Wilson Advance, 5 October 1883.
Inferior Court heard minor civil and criminal cases. Three African-American men were named jurors for Fall Term 1883.
Wilson Daily Times, 17 September 1935.
In the 1880 census of Wilson township, Wilson County: farmer Gray Farmer, 64; wife Barnie, 52; and children Lewis, 27, Nancy, 17, Caroline, 14, Gray, 13, and Spicey, 11.
In the 1900 census of Wilson township, Wilson County: farmer Louis Barnes, 50; wife Jane, 40; and children Maggie, 17, Lucy, 16, Reese, 15, Oscar, 13, Hattie, 12, Grey, 10, Jimmy, 6, Wiley, 4, Henry, 3, Navis, 1, Charity, 7, and Mary Jane, 1 month.
In the 1910 census of Gardners township, Wilson County: farmer Lewis Barnes, 57; wife Jane, 48; and children Lucy, 26, Hattie, 21, Gray, 20, Chairity, 18, James L., 16, Henry, 14, Navis, 13, Mary Jane, 11, Joe, 9, Needham, 7, and David, 2.
In the 1920 census of Gardners township, Wilson County: farmer Lewis Barnes, 70; wife Jane, 58; children Maggie Bullock 35, widow, Lucy, 25, Lossie, 18, G. Mary, 17, Joseph, 16, Needham, 15, and David, 13; and grandchildren Charity, 5, and Oscar Bullock, 3.
Jane Barnes died 28 March 1924 in Wilson County. Per her death certificate, she was 65 years old; was married to Lewis Barnes; and was born in Johnston County, N.C., to Charity Cruddup.
In the 1930 census of Gardners township, Wilson County: widower Lewis Barnes, 73; children Charity, 27, Needam, 25, and David, 23; grandchildren Roscoe Barnes, 15, and Hannah Bullock, 17; and boarder William Richardson, 25.
Louis Barnes died 16 September 1935 in Gardners township, Wilson County. Per his death certificate, he was 82 years old; was born to Grey Barnes and Bannie Barnes; and was a widower and a farmer. Lucile Batts was informant.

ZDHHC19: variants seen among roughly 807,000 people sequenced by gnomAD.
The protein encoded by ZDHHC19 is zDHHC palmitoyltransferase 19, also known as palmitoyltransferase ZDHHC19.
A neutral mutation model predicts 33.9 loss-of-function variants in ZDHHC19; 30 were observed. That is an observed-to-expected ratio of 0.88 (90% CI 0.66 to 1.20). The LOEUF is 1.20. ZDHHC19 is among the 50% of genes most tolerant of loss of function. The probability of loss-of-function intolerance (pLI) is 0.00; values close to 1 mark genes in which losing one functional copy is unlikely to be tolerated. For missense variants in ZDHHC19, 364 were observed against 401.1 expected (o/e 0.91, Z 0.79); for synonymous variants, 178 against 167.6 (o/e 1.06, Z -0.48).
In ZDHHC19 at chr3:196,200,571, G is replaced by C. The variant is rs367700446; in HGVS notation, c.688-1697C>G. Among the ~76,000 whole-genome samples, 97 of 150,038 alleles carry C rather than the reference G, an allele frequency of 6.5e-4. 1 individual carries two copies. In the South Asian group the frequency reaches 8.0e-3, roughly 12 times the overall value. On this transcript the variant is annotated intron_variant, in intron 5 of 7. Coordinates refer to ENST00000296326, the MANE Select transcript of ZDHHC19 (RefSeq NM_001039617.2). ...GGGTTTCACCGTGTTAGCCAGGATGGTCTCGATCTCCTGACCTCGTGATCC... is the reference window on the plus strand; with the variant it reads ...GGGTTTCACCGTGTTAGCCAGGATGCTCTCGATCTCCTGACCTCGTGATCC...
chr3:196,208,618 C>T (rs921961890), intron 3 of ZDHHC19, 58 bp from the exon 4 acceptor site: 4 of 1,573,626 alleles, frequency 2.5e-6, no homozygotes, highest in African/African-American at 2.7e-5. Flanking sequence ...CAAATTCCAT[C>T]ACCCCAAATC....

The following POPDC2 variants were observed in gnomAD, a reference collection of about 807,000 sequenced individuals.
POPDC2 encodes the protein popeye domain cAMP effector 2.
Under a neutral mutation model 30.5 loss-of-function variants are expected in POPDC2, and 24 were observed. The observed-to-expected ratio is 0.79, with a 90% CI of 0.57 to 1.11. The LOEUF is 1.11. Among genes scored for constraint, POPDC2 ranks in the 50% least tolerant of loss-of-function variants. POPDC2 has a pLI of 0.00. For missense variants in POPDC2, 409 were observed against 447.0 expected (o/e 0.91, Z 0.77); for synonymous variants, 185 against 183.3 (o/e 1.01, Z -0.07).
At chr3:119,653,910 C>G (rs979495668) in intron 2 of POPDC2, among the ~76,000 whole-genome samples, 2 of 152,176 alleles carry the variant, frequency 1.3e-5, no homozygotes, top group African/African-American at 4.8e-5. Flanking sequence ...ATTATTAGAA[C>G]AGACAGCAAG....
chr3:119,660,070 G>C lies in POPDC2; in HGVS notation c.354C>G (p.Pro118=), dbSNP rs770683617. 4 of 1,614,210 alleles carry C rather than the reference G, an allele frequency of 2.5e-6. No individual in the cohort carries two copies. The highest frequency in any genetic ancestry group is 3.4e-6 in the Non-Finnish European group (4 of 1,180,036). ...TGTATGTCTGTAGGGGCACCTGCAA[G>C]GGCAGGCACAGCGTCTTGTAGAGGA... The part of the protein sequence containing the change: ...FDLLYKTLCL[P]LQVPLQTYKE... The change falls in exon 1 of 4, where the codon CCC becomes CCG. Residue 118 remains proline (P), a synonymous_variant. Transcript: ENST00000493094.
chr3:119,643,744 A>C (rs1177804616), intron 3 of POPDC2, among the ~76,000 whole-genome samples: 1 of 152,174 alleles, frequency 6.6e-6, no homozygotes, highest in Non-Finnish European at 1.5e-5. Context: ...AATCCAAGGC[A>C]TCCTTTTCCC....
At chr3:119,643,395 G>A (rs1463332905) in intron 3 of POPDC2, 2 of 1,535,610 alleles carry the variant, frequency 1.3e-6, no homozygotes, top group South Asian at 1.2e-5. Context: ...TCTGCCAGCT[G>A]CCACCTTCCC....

Wilson Daily Times, 2 June 1938.
In the 1870 census of Wilson township, Wilson County: carpenter Morrison Woodard, 47, wife Martha, 32, and children Nancy, 18, Arche, 17, Cherry, 15, Rosa, 13, Frances, 8, Jane, 7, John, 4, Martha, 1, and Mary, 2 months.
In the 1880 census of Wilson township (south of the Plank Road), Wilson County: farmer Morrison Woodard, 56, wife Martha, 45, and children Frances, 17, Jane, 15, John, 13, Martha, 11, Fena, 8, and Maggie, 3.
In the 1900 census of Wilson, Wilson County: Short W. Barnes, 38; wife Frances, 40; daughters Armena, 13, and Maggie, 6; and cousin Ella, 19.
In the 1910 census of Wilson, Wilson County: carpenter Short Barnes, 50; wife Francis, 50; daughter Maggie, 16; and Mark Ellis, 25.
In 1917, Clarence Allen Crawford registered for the World War I draft in Wilson. Per his registration card, he was born 23 September 1891 in Durham, North Carolina; resided at 617 East Green Street; worked in brick laying for Wilkins Brothers; and supported a wife and child.
In the 1920 census of Wilson, Wilson County: at 617 Green, carpenter Short W. Barnes, 60; wife Francis, 62; son-in-law Clarence A. Crawford, 28, brickmason; daughter Maggie L., 26; and grandchildren Verest A., 2, and Clarence A., Jr., 9 months. Barnes owned his house free of mortgage.
In the 1930 census of Wilson, Wilson County: carpenter Short W. Barnes, 70, wife Francis, 71, daughter Maggie Crawford, 36, son-in-law Clarance Crawford, 39, and their children Verda, 13, Clarance, 10, and Annie, 8. The house was valued at $6000.
Frances Barnes died 30 May 1938 in Wilson. Per her death certificate, she was 78 years old; was born in Wilson County, N.C., to Morrison Woodard and Martha Thorn; was married to Short W. Barnes; and lived at 616 East Green Street. Maggie Crawford was informant.
Baltimore Afro-American, 11 June 1938.
William and Ethel Cornwell Hines, “Mrs. M. Darden” (probably Naomi Duncan Darden), and Flossie Howard Barnes traveled to Richmond, Virginia, in 1938 to attend a Governor’s Day program. (I have no information on either the purpose of the program or why North Carolinians would have been interested.)